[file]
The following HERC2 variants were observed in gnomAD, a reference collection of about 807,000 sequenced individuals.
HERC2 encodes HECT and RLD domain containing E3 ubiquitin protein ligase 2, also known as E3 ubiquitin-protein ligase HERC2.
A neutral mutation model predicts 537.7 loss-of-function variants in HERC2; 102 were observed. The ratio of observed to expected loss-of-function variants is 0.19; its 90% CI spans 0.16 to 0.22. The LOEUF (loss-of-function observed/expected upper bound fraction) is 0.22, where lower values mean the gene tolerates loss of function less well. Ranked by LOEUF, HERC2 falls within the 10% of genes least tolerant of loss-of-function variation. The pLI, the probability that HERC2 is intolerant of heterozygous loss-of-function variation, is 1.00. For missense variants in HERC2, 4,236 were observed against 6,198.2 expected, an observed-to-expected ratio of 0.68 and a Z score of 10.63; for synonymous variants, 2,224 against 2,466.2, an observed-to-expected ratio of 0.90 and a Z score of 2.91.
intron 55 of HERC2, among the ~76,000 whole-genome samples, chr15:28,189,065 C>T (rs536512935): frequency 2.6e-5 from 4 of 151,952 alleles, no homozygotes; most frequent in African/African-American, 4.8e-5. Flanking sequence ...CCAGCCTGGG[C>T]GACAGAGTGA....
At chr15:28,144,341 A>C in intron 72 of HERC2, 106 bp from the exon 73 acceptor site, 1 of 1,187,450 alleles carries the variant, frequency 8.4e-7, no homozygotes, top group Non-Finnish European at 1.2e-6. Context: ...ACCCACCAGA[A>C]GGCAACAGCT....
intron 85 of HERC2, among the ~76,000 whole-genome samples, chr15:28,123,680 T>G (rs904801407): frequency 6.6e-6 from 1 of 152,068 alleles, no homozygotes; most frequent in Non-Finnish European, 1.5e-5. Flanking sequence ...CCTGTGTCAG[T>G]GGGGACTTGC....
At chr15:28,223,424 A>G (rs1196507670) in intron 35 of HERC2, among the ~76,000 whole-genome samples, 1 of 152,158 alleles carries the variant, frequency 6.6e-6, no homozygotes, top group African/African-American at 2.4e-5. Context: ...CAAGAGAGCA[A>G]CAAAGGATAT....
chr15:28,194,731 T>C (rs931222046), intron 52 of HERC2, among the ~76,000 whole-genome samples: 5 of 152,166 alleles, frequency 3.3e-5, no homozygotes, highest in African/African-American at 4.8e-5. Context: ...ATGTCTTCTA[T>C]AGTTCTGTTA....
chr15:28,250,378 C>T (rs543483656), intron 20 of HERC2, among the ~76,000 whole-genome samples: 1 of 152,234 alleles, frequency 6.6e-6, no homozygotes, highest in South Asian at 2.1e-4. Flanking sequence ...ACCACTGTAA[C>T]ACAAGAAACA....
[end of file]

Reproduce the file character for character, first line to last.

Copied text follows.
The following HERC2 variants were observed in gnomAD, a reference collection of about 807,000 sequenced individuals.
HERC2 encodes HECT and RLD domain containing E3 ubiquitin protein ligase 2, also known as E3 ubiquitin-protein ligase HERC2.
A neutral mutation model predicts 537.7 loss-of-function variants in HERC2; 102 were observed. The ratio of observed to expected loss-of-function variants is 0.19; its 90% CI spans 0.16 to 0.22. The LOEUF (loss-of-function observed/expected upper bound fraction) is 0.22, where lower values mean the gene tolerates loss of function less well. Ranked by LOEUF, HERC2 falls within the 10% of genes least tolerant of loss-of-function variation. The pLI, the probability that HERC2 is intolerant of heterozygous loss-of-function variation, is 1.00. For missense variants in HERC2, 4,236 were observed against 6,198.2 expected, an observed-to-expected ratio of 0.68 and a Z score of 10.63; for synonymous variants, 2,224 against 2,466.2, an observed-to-expected ratio of 0.90 and a Z score of 2.91.
intron 55 of HERC2, among the ~76,000 whole-genome samples, chr15:28,189,065 C>T (rs536512935): frequency 2.6e-5 from 4 of 151,952 alleles, no homozygotes; most frequent in African/African-American, 4.8e-5. Flanking sequence ...CCAGCCTGGG[C>T]GACAGAGTGA....
At chr15:28,144,341 A>C in intron 72 of HERC2, 106 bp from the exon 73 acceptor site, 1 of 1,187,450 alleles carries the variant, frequency 8.4e-7, no homozygotes, top group Non-Finnish European at 1.2e-6. Context: ...ACCCACCAGA[A>C]GGCAACAGCT....
intron 85 of HERC2, among the ~76,000 whole-genome samples, chr15:28,123,680 T>G (rs904801407): frequency 6.6e-6 from 1 of 152,068 alleles, no homozygotes; most frequent in Non-Finnish European, 1.5e-5. Flanking sequence ...CCTGTGTCAG[T>G]GGGGACTTGC....
At chr15:28,223,424 A>G (rs1196507670) in intron 35 of HERC2, among the ~76,000 whole-genome samples, 1 of 152,158 alleles carries the variant, frequency 6.6e-6, no homozygotes, top group African/African-American at 2.4e-5. Context: ...CAAGAGAGCA[A>G]CAAAGGATAT....
chr15:28,194,731 T>C (rs931222046), intron 52 of HERC2, among the ~76,000 whole-genome samples: 5 of 152,166 alleles, frequency 3.3e-5, no homozygotes, highest in African/African-American at 4.8e-5. Context: ...ATGTCTTCTA[T>C]AGTTCTGTTA....
chr15:28,250,378 C>T (rs543483656), intron 20 of HERC2, among the ~76,000 whole-genome samples: 1 of 152,234 alleles, frequency 6.6e-6, no homozygotes, highest in South Asian at 2.1e-4. Flanking sequence ...ACCACTGTAA[C>T]ACAAGAAACA....